In the above example we have fixed this issue by adding in the useDeferredValue hook. This hook takes a single parameter which is the value you want setup your throttle/debounce on. This hook will then return a value which will be the deferred version of the value you pass in. This means that when our name variable changes the deferredName will still stay the same since useDeferredValue will not immediately update the value of the deferredName. This allows time for our component to completely rerender with the new name value since our list will not try to update itself as it is waiting for the deferredName to change. This makes the app feel more responsive since the input will update immediately while the list will be delayed in its update.

The reason the list is delayed is because we changed our useMemo code to rely on the deferredName instead of the actual name. This means that if we change the name our deferredName will wait to update until after the UI has had time to update with the new name value in the input field. If we continue to change our input in a short period of time (for example by typing quickly in the input) the deferredName value will continue to stay unchanged and our list will not update. The only thing that will update is the name variable until there is a pause in the name value changing. Once we stop typing then React will update the deferredName value with the most recent name value and rerender the list.

Here is an example of what our list acts like with the useDeferredValue hook.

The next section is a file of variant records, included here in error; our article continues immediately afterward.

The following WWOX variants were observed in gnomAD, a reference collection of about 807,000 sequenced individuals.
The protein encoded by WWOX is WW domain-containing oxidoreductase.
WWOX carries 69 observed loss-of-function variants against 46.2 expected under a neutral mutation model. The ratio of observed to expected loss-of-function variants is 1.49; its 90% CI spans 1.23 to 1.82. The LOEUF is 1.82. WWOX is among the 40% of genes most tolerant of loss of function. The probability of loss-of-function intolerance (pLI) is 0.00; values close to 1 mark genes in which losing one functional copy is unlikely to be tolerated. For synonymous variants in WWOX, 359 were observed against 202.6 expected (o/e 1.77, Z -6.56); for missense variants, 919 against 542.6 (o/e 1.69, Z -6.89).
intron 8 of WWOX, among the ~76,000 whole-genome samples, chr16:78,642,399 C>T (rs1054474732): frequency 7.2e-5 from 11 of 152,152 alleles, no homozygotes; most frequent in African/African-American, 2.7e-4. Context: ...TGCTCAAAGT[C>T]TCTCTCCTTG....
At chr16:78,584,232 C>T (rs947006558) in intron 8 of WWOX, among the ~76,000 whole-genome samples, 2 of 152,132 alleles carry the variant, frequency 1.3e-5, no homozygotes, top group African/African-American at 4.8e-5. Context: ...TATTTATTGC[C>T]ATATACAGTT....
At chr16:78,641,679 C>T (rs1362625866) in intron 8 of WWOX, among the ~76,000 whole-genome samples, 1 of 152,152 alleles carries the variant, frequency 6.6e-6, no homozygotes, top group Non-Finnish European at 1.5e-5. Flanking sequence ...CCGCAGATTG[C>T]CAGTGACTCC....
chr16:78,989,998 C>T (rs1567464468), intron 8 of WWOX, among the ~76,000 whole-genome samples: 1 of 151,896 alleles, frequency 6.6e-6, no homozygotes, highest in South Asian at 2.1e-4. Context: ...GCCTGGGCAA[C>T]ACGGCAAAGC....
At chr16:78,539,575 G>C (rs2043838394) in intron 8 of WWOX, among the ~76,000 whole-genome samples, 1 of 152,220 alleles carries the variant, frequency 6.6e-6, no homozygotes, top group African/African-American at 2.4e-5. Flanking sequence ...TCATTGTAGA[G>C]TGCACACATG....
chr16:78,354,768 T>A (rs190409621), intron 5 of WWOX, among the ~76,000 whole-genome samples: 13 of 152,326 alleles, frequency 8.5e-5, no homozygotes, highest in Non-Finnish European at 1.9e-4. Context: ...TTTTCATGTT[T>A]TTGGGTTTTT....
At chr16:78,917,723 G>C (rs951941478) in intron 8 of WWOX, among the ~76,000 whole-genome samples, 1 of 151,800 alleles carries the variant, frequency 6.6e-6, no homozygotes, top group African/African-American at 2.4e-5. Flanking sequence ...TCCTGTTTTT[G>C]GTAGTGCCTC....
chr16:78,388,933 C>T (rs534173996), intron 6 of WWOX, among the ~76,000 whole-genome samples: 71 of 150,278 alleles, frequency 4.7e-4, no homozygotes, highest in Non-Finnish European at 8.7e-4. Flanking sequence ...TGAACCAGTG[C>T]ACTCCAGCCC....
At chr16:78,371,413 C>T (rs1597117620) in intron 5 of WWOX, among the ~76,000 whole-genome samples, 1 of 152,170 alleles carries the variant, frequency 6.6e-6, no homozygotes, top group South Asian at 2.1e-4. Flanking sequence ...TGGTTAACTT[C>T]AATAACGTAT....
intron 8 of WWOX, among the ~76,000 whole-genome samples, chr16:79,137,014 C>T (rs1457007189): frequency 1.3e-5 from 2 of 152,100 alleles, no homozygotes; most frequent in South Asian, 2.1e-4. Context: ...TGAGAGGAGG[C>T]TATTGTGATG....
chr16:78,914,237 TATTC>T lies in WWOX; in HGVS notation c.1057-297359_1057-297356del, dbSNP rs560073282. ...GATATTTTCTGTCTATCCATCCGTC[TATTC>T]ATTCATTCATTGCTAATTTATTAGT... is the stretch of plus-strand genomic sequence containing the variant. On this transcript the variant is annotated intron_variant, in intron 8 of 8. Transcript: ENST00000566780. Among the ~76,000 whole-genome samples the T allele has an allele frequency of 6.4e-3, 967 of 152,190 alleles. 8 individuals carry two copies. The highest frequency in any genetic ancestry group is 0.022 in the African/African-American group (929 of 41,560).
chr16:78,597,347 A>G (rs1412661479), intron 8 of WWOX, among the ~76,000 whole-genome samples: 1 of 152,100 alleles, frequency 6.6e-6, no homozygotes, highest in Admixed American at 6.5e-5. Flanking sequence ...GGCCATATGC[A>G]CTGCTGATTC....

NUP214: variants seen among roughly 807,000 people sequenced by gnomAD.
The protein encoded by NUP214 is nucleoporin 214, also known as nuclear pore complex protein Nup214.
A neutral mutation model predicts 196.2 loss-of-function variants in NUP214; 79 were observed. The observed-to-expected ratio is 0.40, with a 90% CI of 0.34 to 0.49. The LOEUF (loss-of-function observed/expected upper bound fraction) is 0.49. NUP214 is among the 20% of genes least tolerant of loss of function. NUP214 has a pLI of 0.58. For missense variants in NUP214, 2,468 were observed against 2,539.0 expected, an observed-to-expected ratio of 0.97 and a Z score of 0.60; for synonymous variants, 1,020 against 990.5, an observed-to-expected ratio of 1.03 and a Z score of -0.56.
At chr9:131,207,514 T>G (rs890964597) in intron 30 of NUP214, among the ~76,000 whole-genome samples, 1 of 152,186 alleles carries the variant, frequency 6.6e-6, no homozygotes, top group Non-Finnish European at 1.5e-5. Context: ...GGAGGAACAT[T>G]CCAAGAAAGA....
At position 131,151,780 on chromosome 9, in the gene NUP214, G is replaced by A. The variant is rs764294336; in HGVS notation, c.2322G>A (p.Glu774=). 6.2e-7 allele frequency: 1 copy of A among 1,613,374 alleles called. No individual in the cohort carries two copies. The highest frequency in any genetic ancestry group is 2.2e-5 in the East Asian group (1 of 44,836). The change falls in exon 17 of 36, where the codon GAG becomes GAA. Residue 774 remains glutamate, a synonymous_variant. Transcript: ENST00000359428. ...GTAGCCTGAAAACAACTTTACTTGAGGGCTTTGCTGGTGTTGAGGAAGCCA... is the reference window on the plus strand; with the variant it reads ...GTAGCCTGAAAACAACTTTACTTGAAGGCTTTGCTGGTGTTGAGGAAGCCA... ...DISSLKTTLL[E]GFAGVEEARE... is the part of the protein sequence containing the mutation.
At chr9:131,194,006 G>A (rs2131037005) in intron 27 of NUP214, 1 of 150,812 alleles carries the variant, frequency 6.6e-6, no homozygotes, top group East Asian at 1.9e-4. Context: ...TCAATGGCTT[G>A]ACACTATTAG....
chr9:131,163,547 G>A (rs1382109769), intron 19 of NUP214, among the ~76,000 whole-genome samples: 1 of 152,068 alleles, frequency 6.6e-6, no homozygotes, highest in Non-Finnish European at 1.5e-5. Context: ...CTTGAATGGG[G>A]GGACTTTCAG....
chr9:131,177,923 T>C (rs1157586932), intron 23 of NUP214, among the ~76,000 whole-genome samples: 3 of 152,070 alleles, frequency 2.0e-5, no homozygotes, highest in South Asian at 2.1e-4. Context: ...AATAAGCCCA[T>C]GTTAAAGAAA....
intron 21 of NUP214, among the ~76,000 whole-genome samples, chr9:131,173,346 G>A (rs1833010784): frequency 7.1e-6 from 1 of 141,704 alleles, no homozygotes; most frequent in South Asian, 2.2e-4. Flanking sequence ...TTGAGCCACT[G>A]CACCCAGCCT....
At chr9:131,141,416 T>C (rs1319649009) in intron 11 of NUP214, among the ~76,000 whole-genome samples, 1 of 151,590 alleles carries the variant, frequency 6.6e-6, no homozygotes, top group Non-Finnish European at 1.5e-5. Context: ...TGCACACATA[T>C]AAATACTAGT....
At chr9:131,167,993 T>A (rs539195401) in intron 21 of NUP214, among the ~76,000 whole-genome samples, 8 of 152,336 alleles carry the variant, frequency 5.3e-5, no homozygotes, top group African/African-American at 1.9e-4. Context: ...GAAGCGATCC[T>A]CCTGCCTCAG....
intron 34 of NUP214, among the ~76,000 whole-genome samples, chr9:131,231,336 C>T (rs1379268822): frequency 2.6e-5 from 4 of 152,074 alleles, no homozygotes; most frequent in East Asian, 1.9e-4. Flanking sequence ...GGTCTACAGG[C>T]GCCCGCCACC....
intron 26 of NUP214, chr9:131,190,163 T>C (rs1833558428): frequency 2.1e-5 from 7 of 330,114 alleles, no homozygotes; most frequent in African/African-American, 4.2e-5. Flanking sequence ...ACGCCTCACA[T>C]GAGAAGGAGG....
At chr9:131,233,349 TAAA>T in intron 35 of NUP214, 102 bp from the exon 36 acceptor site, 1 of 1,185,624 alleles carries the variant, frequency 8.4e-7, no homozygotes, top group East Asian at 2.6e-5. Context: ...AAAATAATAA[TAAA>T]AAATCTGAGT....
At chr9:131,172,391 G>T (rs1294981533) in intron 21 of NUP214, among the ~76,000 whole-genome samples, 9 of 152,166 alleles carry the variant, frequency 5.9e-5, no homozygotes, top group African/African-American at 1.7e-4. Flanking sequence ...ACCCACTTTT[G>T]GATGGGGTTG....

Item: a
Item: a
Item: a
Item: a
Item: a

You can see that our input updates immediately when you type, but the actual list itself does not update until later. The old value of our list continues to stay on the screen until there has been a delay long enough for it to render itself out to the screen.

Using this hook is quite easy, but this is not something you want to use all the time. You should only use this hook if you are having performance issues with your code and there are no other ways to fix those performance concerns. If you use this hook all the time you will actually make your app less performant since React will be forced to do extra rerenders of your app. This is because it will do the initial rerender and the deferred rerender when it could have done them both in one update without useDeferredValue.

Conclusion

The useDeferredValue hook makes working with slow, computationally intense rerenders so much easier since now we can tell React to defer those updates until later which makes your application seem much more performant to users.